In public, she calls him Mr. Wilson. In private, she writes that he is “part of my soul,” and that she is “obsessed by wanting to hold your hand, stroke your forehead and kiss you.” He is Gordon Wilson, a scrappy 44-year-old former teacher who is fighting to save his job as B.C. Liberal leader even as he goes through an admittedly “messy” divorce from his wife, Elizabeth. She is Judi Tyabji, a 28-year-old separated mother of three, formerly Wilson’s handpicked house leader—and now the woman he plans to marry. Together they are at the centre of one of the most bizarre political soap operas in Canadian memory. Their love, they say, sprang from an attraction between two politically compatible minds. And although they fell for each other last fall, they claim that they have yet to consummate their relationship. “We’re wierdos,” Tyabji acknowledges. “We are just two nerds in love.”
That love has exacted a high political price. Publicity over the relationship forced Wilson to resign as Opposition leader last month and call a leadership race in which he may—or may not—be a candidate. Last week, the couple embarked on a Toronto media tour—which included a visit to Maclean ’s—to explain their personal and political partnership. They call their crusade a “civilized revolution and say that they are out to prove that Canadians are interested in what politicians have to say about issues, not in their sometimes-turbulent private lives. “The real question,” declared a defiant Wilson, “is whether Canada is ready for love in politics.”
With Wilson and Tyabji, the political and the personal are inextricably intertwined. While in Toronto, a new storm broke over the publication of a love letter that Tyabji sent to Wilson on Oct. 11,1992, just two days before Wilson’s controversial decision to appoint Tyabji to the coveted post of house leader. When asked about the letter^— which he said he did not receive until November—Wilson initially denied knowing anything about it; hours later, he produced the original from his jacket pocket. Its existence cast a shadow over the couple’s repeated claims last fall that they were not romantically linked.
But to the couple, the letter’s release was just another sign of the political and personal
forces conspiring against them. Wilson’s leadership is under attack, they say, because he has balked at leading the Liberals into an alliance with Social Credit, British Columbia’s other opposition party. Such a coalition, they contend, is being promoted by monied interests in Vancouver who have made it clear that Wilson is too much of a maverick to spearhead the required united opposition against Premier
Michael Harcourt’s NDP government. And they insist that stories about their love affair have been spread by their enemies to smear and discredit them. Those enemies, they allege, include Wilson’s estranged wife—he said that she may have photocopied and leaked Tyabji’s letter—and relatives of Tyabji’s estranged husband, Kim Sandana, who she claims have Socred connections.
But even Wilson acknowledges that he and his companion have handled their affair poorly. “This letter proves that we did not have a sexual relationship,” he said while relaxing in a Toronto bar after a day in which they fended off questions about the love letter. “But I admit that there may be a perception that we lied.” Wilson told Maclean’s that he should never have revealed his feelings for Tyabji to his rebellious Liberal colleagues, who simply used the information in their campaign against him. “Gordon will be the first to admit that he has some things still to learn about leadership,” said Toronto lawyer Howard Levitt, a federal Liberal who squired the couple through their appointments last week. That was certainly the opinion of some of Wilson’s B.C. Liberal colleagues after the latest revelations. “He should simply resign and get out of politics,” declared Liberal housing critic Art Co wie.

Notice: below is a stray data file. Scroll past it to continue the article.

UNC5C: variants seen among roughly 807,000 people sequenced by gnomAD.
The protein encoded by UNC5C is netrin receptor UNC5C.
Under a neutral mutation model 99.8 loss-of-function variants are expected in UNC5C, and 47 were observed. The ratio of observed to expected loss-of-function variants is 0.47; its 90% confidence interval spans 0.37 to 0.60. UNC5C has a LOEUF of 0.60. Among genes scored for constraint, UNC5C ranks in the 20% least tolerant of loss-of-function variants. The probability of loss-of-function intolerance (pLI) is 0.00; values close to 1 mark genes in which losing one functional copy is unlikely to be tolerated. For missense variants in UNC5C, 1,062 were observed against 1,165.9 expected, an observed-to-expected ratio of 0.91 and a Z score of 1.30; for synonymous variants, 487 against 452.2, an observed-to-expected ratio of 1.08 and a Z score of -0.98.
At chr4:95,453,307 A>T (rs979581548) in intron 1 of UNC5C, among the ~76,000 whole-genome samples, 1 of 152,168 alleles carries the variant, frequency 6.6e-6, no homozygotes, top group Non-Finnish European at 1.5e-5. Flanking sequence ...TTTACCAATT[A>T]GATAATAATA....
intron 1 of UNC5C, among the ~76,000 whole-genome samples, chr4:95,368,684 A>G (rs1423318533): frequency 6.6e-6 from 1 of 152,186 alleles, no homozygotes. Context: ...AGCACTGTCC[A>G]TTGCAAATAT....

But Wilson and Tyabji say that B.C. voters, not the Liberal caucus, will decide their futures. And they add that supportive calls to radio call-in shows have encouraged them to fight on. As a result, the couple decided this month to let their love out of the closet: they announced plans to marry as soon as their divorces are final. “It has been frustrating not to be able to be together in public,” Tyabji said.
On a recent Saturday night, they used that freedom for the first time to go dancing at a downtown Vancouver nightclub. “Judi was afraid that we would go out and people would ask, ‘Is that your daughter?’ ” Wilson recalled. “And she was worried that a serious guy like me wouldn’t be able to dance.” But when the disc jockey announced a twist contest, Wilson declared happily, “This is a dance I can do.” The couple won the contest. But even in that setting, they could not escape their celebrity. When Wilson went to claim the prize, a bottle of champagne, § “the disc jockey looked at me I and went, ‘Holy Jesus, you’re g Gord Wilson.’ ”
Tyabji appears sanguine g about the extraordinarily “■ public nature of their relationship, although she expresses regret over any humiliation it has caused her estranged husband. She also says that she no longer starts her days by listening to radio news. The media, she argues, are out of touch with the public. “I’m waiting for the press to realize that people want a happy ending to this,” said Tyabji. But politics does not always allow for fairy tale conclusions.
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